I practiced putting the assembly back (new bearings ordered) and that took some thinking... the simplest and pragmatic way I think is to utilise the axle and the lock nut (more like a flanged track axle nut acting as a threaded dust cap) as the threaded press. One snag is that the lock nut has a small raised ring at contact with the bearing's inner race so its not completely flush to the bearing face, not good when pressing in. I didn't have anything, but a suitable washer (M10 penny washer or some 10mm ID-25mm OD) between the bearing and the lock nut should evenly distribute the pressing force. That should work without damage when installing a new bearing?

    Need to think about how to get around the rear hub bearings with the freehub in situ.

  • pblakeney
    pblakeney Posts: 26,041

    Only thing to keep in mind is to ensure that you are putting pressure on the outside race, not the inside race.

    The free hub should be reasonably easy to remove, and necessary. Possibly a circlip keeping it in place is the most complicated design AFAIK and some are even easier.

    The above may be fact, or fiction, I may be serious, I may be jesting.
    I am not sure. You have no chance.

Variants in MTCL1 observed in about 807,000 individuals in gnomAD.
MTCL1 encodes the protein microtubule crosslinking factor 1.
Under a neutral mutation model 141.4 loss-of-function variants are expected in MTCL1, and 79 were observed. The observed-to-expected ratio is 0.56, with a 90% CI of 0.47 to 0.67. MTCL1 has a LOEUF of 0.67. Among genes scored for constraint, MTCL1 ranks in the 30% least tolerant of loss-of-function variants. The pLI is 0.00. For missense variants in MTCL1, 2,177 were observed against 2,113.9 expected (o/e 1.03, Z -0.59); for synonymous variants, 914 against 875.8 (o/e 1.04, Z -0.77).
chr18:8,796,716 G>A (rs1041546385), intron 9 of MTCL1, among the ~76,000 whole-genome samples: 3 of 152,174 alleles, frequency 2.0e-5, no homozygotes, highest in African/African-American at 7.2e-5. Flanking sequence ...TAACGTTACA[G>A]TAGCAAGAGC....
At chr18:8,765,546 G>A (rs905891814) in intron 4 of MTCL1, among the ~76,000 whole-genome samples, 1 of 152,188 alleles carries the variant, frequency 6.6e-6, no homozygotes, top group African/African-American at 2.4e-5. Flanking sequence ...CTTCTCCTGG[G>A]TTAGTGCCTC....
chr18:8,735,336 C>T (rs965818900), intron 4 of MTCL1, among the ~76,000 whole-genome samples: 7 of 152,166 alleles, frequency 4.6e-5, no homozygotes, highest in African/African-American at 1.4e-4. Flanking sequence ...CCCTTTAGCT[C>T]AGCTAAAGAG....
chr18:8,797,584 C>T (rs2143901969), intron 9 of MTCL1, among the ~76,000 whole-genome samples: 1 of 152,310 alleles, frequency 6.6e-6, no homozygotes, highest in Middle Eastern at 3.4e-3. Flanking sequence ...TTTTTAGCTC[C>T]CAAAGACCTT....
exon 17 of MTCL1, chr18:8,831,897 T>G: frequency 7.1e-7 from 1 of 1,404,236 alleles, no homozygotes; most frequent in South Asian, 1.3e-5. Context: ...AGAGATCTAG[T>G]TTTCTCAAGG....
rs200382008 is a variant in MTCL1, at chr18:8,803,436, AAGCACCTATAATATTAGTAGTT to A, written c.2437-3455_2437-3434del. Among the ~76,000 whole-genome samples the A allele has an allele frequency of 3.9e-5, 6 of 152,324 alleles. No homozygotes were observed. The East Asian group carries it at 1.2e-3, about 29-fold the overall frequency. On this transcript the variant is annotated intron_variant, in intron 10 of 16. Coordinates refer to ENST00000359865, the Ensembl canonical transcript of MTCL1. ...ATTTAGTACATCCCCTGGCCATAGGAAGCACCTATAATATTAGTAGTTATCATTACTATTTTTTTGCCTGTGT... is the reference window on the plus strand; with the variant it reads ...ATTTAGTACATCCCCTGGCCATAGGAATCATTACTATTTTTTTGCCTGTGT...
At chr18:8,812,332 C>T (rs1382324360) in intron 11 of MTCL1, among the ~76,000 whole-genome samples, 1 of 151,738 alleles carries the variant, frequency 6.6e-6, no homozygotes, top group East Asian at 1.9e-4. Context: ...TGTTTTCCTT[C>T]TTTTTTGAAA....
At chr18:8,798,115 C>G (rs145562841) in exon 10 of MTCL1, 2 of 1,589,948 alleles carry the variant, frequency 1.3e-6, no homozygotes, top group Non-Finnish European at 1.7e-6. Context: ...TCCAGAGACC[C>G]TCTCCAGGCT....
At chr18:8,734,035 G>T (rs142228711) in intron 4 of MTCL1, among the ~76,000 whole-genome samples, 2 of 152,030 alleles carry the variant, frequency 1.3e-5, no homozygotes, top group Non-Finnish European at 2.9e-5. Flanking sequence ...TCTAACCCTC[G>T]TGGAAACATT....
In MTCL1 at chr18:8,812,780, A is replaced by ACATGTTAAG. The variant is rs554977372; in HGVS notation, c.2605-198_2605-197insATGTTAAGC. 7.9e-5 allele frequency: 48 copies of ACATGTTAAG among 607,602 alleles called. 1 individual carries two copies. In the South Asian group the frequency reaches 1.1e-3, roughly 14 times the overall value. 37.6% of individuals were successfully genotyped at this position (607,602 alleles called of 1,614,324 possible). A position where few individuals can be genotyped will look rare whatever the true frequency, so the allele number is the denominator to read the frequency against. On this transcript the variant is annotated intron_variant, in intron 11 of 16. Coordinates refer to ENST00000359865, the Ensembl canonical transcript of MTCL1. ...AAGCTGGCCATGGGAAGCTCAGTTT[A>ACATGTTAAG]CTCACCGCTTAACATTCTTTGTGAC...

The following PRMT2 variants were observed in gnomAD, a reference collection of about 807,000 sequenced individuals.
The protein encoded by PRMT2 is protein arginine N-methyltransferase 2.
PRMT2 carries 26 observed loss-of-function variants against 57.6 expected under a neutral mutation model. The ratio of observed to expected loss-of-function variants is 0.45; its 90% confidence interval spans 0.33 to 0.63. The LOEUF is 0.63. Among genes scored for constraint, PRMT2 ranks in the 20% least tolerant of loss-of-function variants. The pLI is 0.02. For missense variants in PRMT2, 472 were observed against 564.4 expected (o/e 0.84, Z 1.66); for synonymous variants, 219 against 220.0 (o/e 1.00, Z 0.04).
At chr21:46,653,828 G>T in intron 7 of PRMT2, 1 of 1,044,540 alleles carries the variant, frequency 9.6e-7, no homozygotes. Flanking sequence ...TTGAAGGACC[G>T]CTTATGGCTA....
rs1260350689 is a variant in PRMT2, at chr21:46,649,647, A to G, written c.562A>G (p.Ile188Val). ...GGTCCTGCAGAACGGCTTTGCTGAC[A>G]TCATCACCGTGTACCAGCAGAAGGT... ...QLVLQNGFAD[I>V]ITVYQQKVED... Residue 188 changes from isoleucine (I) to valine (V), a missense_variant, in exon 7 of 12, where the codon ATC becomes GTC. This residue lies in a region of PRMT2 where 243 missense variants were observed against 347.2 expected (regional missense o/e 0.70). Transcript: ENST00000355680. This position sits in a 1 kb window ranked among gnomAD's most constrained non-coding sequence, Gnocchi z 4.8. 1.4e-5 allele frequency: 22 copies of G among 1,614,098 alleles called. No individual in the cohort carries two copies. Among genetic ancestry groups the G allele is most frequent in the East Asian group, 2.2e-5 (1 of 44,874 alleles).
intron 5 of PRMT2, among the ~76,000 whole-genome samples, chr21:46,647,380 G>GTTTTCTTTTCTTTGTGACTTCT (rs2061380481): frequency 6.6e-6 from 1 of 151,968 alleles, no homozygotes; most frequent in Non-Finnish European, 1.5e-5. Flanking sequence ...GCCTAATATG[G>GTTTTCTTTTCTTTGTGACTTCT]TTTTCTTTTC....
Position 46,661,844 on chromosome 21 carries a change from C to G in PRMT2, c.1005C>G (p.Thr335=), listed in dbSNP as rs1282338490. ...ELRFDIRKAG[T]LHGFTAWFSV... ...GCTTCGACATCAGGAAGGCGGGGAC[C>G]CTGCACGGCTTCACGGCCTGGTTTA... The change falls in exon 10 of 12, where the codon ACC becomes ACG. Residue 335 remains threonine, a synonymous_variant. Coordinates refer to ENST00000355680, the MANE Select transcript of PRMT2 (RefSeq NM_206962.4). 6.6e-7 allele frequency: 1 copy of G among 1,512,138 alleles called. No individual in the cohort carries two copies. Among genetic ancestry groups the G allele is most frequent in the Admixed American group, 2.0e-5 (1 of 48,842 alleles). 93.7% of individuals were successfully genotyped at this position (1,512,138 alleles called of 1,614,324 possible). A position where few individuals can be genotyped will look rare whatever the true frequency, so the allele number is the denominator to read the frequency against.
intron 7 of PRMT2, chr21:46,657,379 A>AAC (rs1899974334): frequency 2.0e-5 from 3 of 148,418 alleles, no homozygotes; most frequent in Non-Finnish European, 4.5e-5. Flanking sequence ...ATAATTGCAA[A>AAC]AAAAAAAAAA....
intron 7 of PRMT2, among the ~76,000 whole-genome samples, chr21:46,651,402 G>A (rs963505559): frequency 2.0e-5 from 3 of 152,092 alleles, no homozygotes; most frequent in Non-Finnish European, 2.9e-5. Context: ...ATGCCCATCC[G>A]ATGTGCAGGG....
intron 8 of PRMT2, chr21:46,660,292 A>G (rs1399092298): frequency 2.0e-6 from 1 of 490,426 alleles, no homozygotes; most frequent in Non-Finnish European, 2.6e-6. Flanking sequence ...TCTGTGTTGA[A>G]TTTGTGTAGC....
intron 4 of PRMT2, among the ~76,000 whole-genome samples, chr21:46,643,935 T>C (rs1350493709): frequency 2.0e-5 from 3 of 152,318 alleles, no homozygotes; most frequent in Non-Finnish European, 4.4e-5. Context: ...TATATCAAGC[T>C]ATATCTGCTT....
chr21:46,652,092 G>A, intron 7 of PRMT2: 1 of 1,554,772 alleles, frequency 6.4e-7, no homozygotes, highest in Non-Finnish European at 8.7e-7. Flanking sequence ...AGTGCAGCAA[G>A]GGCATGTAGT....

Veronese68 wrote:
    PB is the most sensible person on here.
  • accountdeleted
    accountdeleted Posts: 41
    edited May 4

    Yup, hence the washer that just about cover the outer race diameter when pressing.

    The casette is removed but the bearing is halfway deep on the freehub so I can't quite see just yet how the freehub is attached to the wheel hub. I'm hoping that it'll be as simple as a 11mm hex or spline socket at the base of the freehub. The freehub itself is actually OK, spinning well and pawls feel strong still so if I can, I'm inclined not to disturb it.

  • accountdeleted
    accountdeleted Posts: 41

    Some photos, mainly for my own future reference.

    Undo the locking nut and tap out the axle with rubber mallet (non-drive side to avoid disc damage, but either side works).

    Front axle 9mm, rear axle 10mm. Rear drive side has the smallest lock nut (without flange; wrong end in the photo). 6000RS bearings front and rear axles. Use the axles and M10 washer (there isn't enough thread to use old bearing as washer) for pressing the new bearings using M10 washer.

    The freehub is a bit of mystery how to remove it. Seems to fit 11mm hex from the drive side (11mm bi-hex splines?), but the no-drive side also has bi-hex splines (12mm?). Decathlon instruction states 12mm allen key, but not sure if it's for the wheelset (looks MTB wheelset). Can't figure out how it comes out, if it is indeed designed to come out.